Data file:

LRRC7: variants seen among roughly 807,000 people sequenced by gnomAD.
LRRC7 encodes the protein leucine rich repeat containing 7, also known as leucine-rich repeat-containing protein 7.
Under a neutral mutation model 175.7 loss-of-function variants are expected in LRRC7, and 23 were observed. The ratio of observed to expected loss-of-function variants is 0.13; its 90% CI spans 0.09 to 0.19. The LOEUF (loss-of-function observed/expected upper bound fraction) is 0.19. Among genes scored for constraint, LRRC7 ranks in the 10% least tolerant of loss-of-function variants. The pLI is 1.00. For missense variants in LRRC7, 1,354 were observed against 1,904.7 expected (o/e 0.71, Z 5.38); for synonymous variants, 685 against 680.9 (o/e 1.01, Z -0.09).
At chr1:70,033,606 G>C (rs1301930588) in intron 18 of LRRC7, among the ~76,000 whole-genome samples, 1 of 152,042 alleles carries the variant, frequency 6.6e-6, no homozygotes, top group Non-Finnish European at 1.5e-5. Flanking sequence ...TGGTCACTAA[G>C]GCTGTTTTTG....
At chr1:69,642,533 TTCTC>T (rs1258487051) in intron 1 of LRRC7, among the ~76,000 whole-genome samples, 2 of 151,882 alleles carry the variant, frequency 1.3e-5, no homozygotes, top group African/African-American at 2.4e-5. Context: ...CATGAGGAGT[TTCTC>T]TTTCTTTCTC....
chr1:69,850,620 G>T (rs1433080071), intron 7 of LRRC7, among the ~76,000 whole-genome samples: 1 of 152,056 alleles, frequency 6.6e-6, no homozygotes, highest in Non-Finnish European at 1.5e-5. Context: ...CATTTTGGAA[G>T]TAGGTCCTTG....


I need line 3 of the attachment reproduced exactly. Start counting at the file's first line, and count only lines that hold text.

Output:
Under a neutral mutation model 175.7 loss-of-function variants are expected in LRRC7, and 23 were observed. The ratio of observed to expected loss-of-function variants is 0.13; its 90% CI spans 0.09 to 0.19. The LOEUF (loss-of-function observed/expected upper bound fraction) is 0.19. Among genes scored for constraint, LRRC7 ranks in the 10% least tolerant of loss-of-function variants. The pLI is 1.00. For missense variants in LRRC7, 1,354 were observed against 1,904.7 expected (o/e 0.71, Z 5.38); for synonymous variants, 685 against 680.9 (o/e 1.01, Z -0.09).